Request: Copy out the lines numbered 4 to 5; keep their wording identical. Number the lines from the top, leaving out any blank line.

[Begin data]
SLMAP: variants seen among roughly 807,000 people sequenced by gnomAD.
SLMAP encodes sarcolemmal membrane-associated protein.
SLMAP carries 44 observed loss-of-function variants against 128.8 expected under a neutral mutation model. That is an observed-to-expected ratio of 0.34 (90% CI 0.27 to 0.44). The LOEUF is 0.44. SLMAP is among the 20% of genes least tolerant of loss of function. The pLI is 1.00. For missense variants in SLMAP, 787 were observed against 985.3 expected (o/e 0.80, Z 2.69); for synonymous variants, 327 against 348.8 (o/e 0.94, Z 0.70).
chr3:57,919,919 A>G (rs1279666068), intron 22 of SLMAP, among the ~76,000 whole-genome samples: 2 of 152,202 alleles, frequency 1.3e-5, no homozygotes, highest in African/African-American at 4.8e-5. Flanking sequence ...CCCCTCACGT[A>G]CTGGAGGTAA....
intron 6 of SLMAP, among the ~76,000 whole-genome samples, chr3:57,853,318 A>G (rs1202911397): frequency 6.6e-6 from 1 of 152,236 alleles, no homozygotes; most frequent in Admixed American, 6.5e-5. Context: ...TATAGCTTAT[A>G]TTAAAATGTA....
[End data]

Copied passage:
chr3:57,919,919 A>G (rs1279666068), intron 22 of SLMAP, among the ~76,000 whole-genome samples: 2 of 152,202 alleles, frequency 1.3e-5, no homozygotes, highest in African/African-American at 4.8e-5. Flanking sequence ...CCCCTCACGT[A>G]CTGGAGGTAA....
intron 6 of SLMAP, among the ~76,000 whole-genome samples, chr3:57,853,318 A>G (rs1202911397): frequency 6.6e-6 from 1 of 152,236 alleles, no homozygotes; most frequent in Admixed American, 6.5e-5. Context: ...TATAGCTTAT[A>G]TTAAAATGTA....